NBC News reports that many Americans started putting up their decorations earlier this year, likely to capture some of the familiar feelings of warmth and joy many cherish during this time of the year.
However beautiful holiday decorations can be, there are still hazards to be cautious of when adding some sparkle and shine to your home, as well as over the course of the holidays. The Consumer Product Safety Commission reports that about 200 decorating-related injuries happen each day over the holiday season — many of them including falls.
And if you’re into holiday pop-culture, you probably remember Clark Griswold’s infamous ladder guffaw as he tries to put up the lights only to be left hanging from the roof.
Christmas Eve and Christmas Day are also the second and third peak days for cooking fires, according to The National Fire Prevention Association (NFPA), making cooking safety important as well. In this post, we highlight some key holiday safety tips so you can enjoy special moments while protecting your family and home.
10 Holiday Safety Tips for Your Home
1. Keep your Christmas tree at least 3 feet away from heat sources to prevent tree fires.
According to the NFPA, about 25% of wintertime fires are caused by Christmas trees that are too close to a heat source. Both real and artificial Christmas trees (even if they say they’re fire resistant) should be kept three feet away from a fireplace, space heater, or another source of heat. Even if an artificial tree is fire resistant, the coating can still be burned off and potentially lead to an even larger fire.
2. For live Christmas trees, check the needles and be sure to water them regularly.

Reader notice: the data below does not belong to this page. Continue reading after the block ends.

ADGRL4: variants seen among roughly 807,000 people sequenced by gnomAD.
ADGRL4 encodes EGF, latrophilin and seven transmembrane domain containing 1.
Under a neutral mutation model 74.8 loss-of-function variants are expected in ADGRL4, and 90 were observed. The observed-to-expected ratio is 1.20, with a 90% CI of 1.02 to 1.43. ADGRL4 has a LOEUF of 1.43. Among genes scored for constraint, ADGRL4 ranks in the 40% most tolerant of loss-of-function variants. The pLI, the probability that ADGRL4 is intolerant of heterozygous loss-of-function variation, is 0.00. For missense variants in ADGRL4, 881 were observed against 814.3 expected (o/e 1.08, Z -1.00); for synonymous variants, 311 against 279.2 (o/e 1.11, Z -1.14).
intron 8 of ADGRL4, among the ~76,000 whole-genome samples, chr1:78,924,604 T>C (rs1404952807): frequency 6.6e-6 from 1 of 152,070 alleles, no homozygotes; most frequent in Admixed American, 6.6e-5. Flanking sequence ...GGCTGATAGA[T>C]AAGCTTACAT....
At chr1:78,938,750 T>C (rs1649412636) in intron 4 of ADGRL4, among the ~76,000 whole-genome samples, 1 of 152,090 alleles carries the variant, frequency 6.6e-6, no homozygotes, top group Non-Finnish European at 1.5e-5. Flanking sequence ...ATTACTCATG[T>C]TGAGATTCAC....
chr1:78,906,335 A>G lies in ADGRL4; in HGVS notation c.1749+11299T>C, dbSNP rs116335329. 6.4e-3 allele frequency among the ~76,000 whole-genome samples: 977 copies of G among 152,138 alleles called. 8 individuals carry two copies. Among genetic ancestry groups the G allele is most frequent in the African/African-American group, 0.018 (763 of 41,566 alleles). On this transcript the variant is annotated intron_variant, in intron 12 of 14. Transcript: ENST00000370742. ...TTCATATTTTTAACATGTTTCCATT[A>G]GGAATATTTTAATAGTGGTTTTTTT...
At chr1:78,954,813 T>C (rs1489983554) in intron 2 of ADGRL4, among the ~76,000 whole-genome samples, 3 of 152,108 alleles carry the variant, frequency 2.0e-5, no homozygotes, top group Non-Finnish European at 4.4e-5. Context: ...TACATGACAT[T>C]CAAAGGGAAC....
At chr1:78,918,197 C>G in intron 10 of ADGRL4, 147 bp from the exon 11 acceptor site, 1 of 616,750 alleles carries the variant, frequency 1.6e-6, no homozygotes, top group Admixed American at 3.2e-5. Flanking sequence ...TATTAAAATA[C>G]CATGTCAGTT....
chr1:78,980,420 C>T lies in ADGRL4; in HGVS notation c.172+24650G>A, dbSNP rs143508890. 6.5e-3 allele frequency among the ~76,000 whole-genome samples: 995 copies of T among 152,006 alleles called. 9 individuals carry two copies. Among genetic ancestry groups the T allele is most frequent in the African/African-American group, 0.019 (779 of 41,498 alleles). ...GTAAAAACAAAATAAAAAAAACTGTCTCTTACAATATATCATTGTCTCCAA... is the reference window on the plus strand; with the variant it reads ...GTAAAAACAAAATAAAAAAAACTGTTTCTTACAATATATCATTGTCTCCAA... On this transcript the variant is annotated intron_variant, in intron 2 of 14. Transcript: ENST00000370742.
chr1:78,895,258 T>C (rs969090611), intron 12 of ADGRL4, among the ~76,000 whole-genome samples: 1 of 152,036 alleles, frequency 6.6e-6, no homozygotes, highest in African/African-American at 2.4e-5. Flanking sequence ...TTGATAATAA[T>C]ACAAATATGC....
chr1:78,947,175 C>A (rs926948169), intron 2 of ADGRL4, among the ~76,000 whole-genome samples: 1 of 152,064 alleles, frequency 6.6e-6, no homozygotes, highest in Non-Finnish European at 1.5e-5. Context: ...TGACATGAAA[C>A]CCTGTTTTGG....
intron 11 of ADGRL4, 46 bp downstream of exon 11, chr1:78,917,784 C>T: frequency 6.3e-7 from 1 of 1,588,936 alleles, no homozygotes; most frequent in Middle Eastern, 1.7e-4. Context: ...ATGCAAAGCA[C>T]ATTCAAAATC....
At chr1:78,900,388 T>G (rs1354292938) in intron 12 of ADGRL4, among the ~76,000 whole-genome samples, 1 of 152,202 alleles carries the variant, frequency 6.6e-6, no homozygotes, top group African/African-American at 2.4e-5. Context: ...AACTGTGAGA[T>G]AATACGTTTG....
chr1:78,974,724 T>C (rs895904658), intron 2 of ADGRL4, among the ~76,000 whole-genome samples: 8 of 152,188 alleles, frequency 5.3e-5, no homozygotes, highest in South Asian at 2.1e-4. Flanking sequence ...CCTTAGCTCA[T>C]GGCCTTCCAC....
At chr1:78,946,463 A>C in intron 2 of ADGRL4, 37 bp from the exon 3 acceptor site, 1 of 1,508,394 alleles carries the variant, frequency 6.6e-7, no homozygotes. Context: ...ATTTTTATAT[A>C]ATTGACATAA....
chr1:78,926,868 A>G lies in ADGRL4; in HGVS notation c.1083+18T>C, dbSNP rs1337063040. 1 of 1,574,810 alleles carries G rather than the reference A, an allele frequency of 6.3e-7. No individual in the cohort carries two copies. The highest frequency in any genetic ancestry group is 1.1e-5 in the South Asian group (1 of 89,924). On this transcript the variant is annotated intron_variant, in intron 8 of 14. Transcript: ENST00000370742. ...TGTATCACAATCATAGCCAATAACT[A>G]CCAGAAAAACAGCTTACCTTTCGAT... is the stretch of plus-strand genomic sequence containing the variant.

If you’re planning to purchase a live Christmas tree, be sure to check to see if the needles will easily fall off when touched. If so, that’s an indication of dryness, which could potentially pose a fire hazard. The CPSC demonstrates how fast a dry Christmas tree can burn over a well-watered Christmas tree. While shopping for a live tree, check the needles to make sure they are firm, and once purchased, cut off two inches from the trunk to help the tree absorb water better. Try to keep it watered on a daily basis.
3. Purchase holiday lights that are UL listed.
While some lights are a bargain, they may not have been tested against safety standards. When looking for Christmas lights, look for those that are UL listed. This ensures that the product meets certain safety standards and has undergone testing. If you purchase lights that are not UL listed, you could be opening yourself up to a potential fire hazard. There are a number of UL listed Christmas lights available for purchase.
4. Do not staple or nail Christmas lights.
Contrary to popular culture and ease, don’t use a staple gun or nails for hanging Christmas lights. If the staples or nails puncture the outer cases, you could potentially electrocute yourself and create a fire hazard. Instead of stapling or nailing your lights, use other supporting products plastic clips, deck clips, and hooks for your safety. If you’d like to hang lights in an outdoor tree or on the roof, you can also use a Christmas light pole to help.